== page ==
Teenager Lauren looks to support global conservation expedition

Lauren McAuley (far right) alongside two other students running the fund raiser tuck shop
Lauren McAuley (far right) alongside two other students running the fund raiser tuck shop

A TEENAGER is looking to raise £3,000 to fund her place on a conservation expedition to Borneo.

Year 11 student, Lauren McAuley, 16, is part of a group of 17 students from University Technical College Portsmouth who has been selected to be part of a special scientific research team. The youngsters will be looking into biodiversity and conservation in the area.

Lauren McAuley alongside some of the other students hoping to take part in the expedition

Lauren McAuley alongside some of the other students hoping to take part in the expedition

‘The expedition will last for two weeks with the first being based in the rainforest and the second looking at the coral reef ecosystem. We are going to being examining biodiversity and carrying out species counts on endangered creatures to analyse the impact that people are having. A guidebook will also be produced about the wildlife which lives in the forest,’ explained Lauren.

The expedition is being led by Operation Wallacea - a network of academics from European and North American universities, who run biodiversity and conservation management research expeditions.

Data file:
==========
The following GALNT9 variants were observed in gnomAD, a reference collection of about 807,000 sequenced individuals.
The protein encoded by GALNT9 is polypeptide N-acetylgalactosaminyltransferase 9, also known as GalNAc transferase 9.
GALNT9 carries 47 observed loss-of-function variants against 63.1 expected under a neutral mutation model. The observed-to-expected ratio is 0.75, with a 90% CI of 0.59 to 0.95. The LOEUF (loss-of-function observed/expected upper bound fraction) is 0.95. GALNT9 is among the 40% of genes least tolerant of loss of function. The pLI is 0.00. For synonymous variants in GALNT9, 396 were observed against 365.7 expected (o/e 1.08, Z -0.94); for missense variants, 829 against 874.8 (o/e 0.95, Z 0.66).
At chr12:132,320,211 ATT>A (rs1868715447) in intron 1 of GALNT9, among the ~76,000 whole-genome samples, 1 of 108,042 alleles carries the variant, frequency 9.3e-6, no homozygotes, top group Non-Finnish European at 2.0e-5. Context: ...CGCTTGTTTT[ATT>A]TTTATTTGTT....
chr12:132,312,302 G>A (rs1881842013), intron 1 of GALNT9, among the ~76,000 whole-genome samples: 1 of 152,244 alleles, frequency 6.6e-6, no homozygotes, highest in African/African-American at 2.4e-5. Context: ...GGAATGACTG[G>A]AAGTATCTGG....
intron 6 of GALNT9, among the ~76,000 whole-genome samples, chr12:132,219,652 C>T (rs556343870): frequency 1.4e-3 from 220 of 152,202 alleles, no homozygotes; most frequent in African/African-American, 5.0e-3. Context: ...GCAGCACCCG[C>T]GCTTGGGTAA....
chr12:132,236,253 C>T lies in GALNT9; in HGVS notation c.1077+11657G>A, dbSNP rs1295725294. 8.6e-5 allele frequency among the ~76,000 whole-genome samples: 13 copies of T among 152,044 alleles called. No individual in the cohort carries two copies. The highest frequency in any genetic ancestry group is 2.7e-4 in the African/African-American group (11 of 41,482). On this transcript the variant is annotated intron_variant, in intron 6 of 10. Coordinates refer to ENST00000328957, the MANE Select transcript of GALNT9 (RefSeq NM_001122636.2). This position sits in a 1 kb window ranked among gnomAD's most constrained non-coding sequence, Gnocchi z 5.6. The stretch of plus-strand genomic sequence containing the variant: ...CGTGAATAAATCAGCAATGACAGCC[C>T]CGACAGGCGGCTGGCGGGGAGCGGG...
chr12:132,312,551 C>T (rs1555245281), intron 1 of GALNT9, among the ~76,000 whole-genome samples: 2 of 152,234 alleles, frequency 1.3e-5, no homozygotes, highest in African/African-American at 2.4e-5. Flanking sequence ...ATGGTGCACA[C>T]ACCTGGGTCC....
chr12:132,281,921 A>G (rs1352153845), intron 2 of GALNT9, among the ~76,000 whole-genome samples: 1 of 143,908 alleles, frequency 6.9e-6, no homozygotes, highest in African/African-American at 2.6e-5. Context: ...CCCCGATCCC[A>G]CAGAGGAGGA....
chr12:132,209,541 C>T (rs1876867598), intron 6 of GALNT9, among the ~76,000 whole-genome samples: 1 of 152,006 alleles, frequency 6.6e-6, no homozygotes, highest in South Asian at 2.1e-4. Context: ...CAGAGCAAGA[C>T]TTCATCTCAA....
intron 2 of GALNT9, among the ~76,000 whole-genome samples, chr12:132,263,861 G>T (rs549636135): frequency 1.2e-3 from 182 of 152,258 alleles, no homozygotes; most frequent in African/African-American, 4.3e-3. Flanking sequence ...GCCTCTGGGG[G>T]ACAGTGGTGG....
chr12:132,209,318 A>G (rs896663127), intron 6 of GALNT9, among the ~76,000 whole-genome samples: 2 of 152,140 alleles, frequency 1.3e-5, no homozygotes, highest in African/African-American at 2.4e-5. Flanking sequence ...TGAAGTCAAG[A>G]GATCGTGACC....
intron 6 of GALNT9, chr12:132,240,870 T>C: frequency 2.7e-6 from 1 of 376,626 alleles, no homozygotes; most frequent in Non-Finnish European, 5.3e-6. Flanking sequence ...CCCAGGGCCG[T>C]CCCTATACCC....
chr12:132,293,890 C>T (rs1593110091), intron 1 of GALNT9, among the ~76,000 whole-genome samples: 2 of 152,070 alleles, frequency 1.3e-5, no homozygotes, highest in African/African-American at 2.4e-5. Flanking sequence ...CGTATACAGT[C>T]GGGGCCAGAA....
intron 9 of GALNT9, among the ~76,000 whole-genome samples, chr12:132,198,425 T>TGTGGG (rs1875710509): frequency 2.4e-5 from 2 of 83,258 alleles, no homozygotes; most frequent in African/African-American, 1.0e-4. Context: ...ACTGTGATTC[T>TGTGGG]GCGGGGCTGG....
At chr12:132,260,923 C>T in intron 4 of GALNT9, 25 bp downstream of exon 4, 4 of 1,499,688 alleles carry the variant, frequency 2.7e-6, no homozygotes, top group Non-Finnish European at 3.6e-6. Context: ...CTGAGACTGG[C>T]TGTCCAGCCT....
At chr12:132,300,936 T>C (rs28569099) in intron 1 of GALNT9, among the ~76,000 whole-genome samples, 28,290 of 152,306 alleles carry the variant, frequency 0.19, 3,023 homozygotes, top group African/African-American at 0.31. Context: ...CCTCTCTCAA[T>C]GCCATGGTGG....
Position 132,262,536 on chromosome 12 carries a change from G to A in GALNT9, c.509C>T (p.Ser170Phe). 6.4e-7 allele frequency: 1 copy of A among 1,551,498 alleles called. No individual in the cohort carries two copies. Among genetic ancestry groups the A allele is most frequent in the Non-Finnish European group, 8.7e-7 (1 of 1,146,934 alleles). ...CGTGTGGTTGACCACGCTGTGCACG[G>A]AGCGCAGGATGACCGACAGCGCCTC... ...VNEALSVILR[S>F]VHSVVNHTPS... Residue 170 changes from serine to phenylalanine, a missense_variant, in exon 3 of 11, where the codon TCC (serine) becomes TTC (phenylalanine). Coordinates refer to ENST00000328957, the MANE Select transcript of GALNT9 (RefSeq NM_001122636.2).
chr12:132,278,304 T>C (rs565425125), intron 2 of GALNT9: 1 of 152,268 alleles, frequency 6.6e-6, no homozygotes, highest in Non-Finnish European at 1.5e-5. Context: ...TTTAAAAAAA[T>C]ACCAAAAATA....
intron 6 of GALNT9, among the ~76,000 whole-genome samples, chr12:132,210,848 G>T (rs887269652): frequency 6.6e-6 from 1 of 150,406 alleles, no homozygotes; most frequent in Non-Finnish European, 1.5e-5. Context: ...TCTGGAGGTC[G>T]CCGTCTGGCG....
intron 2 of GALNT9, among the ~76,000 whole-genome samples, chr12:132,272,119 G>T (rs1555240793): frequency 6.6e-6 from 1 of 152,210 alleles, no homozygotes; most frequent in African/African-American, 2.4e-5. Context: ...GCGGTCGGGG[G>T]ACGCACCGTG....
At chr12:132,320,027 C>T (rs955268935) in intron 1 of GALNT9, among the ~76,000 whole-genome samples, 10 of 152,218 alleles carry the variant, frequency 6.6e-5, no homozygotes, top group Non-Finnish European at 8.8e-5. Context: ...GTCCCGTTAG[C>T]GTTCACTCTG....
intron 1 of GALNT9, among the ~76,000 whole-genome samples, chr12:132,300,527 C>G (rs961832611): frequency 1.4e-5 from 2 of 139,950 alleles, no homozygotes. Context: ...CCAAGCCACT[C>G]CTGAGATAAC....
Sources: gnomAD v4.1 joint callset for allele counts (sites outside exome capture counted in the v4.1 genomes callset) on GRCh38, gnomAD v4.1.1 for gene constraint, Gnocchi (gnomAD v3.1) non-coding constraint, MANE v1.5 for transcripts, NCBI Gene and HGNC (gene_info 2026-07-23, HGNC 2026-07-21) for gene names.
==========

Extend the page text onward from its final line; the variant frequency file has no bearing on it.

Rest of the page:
The trip, which will run after students have taken their examinations, is being coordinated by geography teacher, Hannah Hawkins.

‘The students will be helping to protect important species such as orangutans in the rainforest and underwater species like turtles, manta rays and whale sharks. It is a real life scientific project in which students get to collect real data, giving them experiences that may prove useful for university,’ explained Ms Hawkins.  

‘I am really excited about the visit as it is one of those trips you will only get to do once in a lifetime,’ said Lauren.

As part of the coral reef research, students will also be completing their PADI (Professional Association of Diving Instructors) open water qualification. 

In order to take part in the expedition, students are required to raise £3000. 

Ms Hawkins said: ‘To raise their sponsorship students are running a daily tuck shop  and are organising a film night on November 7. Bag packing, car washing and a summer fete are also in the pipeline for later in the year. There is also a sponsored 15-mile walk taking place in November.’

‘I am confident I can raise my sponsorship as I don’t want to miss out on this unique opportunity. I want to become a primary school teacher and this is the kind of experience you pass on to young children to inspire future generations,’ added Lauren.

Ms Hawkins said that the work carried out by Lauren and the rest of the students will play a vital role in helping to protect endangered species and their habitats.